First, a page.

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Sweat

Some stories are critical to get right. The Pittsburgh Public Theater’s latest production, Sweat, is one of those stories. Lynn Nottage’s Pulitzer Prize-winning play traces the ripple effect of layoffs among a group of steelworkers. While Nottage’s play is set in nearby Reading, Pennsylvania, this story is acutely familiar here in the Steel City.

Director Justin Emeka scarcely takes a wrong turn in this production. Emeka’s strong direction allows each performer to shine exquisitely while still maintaining a balanced ensemble. The play centers on two connected groups of friends, the first a trio of steelworkers in their mid-40s: Tracey (Amy Landis), Cynthia (Tracey Conyer Lee), and Jessie (Michelle Duffy). The dynamic between the three women is authentic, and you feel like you’re watching long-time friends. The ease between them is as palpable as the disruptive tensions that evolve between them.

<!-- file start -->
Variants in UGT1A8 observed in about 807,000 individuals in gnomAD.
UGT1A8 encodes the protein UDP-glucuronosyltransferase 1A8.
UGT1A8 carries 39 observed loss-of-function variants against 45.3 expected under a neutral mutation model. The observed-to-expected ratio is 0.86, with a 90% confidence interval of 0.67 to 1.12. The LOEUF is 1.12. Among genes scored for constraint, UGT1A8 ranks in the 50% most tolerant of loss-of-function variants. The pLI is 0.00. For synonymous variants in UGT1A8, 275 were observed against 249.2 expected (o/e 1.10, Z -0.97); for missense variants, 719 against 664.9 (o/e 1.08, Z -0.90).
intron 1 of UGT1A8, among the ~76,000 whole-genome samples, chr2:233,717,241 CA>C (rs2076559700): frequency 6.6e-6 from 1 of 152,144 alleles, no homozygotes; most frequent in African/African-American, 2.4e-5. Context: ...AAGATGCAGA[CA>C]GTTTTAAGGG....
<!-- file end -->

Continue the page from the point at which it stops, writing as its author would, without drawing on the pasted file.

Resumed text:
Tony Bingham, Tracey Conyer Lee, Amy Landis

The other set of friends are Tracey’s son, Jason (Patrick Cannon) and Cynthia’s son, Chris (Ananias J. Dixon). They are both employed at the same steel mill as their mothers. While the boys are besties, Jason is the less intelligent of the two. Costume designer Robert C.T. Steele reinforces this with Jason’s backwards baseball cap whereas Chris is better dressed and more well-spoken. Chris talks about going to college to become a teacher. This ambition elicits laughter given he’ll earn less than he would in the mills. Education is seen as unnecessary in light of immediate wage potential without recognizing its intrinsic value or ability to serve a longer game.